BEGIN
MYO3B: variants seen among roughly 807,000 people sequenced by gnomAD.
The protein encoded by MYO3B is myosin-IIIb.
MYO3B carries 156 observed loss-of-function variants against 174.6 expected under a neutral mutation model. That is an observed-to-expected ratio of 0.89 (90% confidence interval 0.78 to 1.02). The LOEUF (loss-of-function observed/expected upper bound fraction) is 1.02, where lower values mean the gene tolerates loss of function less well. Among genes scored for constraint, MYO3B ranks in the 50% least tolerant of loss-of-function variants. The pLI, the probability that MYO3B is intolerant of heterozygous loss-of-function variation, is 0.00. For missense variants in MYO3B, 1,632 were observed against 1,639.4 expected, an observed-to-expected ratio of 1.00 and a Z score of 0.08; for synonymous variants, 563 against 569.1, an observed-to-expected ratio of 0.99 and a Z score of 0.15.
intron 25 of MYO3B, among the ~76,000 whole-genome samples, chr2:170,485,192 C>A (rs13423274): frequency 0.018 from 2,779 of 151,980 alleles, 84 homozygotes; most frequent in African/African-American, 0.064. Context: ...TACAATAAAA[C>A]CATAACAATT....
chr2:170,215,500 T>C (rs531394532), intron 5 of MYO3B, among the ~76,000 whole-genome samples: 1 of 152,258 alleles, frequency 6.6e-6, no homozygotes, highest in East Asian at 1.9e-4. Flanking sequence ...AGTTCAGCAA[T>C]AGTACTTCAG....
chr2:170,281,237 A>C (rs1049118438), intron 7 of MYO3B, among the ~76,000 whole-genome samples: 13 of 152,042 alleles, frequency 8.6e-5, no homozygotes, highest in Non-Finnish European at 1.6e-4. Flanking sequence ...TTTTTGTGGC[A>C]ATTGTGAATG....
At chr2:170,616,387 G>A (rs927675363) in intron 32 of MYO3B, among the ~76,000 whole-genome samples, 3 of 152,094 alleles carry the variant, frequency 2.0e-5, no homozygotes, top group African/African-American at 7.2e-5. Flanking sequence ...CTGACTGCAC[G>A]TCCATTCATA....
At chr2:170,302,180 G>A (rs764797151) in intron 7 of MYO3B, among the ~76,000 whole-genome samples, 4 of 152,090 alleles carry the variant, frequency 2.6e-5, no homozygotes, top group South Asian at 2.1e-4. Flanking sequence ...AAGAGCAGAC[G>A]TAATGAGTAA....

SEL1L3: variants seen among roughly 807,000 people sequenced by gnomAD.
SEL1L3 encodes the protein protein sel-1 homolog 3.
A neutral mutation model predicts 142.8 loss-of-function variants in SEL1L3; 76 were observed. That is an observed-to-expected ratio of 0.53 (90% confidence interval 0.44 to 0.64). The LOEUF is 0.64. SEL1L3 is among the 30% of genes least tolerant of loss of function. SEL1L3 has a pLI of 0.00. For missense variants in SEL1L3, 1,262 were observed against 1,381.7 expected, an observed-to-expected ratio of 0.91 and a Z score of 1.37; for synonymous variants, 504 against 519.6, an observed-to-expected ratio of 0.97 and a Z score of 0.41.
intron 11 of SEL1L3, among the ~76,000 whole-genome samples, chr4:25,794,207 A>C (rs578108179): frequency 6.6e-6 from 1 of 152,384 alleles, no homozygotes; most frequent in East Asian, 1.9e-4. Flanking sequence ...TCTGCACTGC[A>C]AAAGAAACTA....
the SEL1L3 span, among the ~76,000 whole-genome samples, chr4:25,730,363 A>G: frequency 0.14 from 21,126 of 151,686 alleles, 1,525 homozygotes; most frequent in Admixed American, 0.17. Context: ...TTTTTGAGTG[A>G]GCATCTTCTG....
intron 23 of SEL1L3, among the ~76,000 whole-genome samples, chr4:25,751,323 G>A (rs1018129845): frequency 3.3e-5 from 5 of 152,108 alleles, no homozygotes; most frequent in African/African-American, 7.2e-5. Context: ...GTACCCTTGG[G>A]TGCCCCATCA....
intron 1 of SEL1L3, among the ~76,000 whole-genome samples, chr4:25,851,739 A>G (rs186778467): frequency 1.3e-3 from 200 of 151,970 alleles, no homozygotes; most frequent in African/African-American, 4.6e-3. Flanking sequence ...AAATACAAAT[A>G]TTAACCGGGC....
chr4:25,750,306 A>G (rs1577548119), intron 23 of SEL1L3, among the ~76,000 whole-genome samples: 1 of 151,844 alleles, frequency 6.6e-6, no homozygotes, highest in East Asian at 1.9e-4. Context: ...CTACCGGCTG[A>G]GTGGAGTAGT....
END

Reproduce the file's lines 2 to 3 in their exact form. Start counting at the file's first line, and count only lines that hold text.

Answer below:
The protein encoded by MYO3B is myosin-IIIb.
MYO3B carries 156 observed loss-of-function variants against 174.6 expected under a neutral mutation model. That is an observed-to-expected ratio of 0.89 (90% confidence interval 0.78 to 1.02). The LOEUF (loss-of-function observed/expected upper bound fraction) is 1.02, where lower values mean the gene tolerates loss of function less well. Among genes scored for constraint, MYO3B ranks in the 50% least tolerant of loss-of-function variants. The pLI, the probability that MYO3B is intolerant of heterozygous loss-of-function variation, is 0.00. For missense variants in MYO3B, 1,632 were observed against 1,639.4 expected, an observed-to-expected ratio of 1.00 and a Z score of 0.08; for synonymous variants, 563 against 569.1, an observed-to-expected ratio of 0.99 and a Z score of 0.15.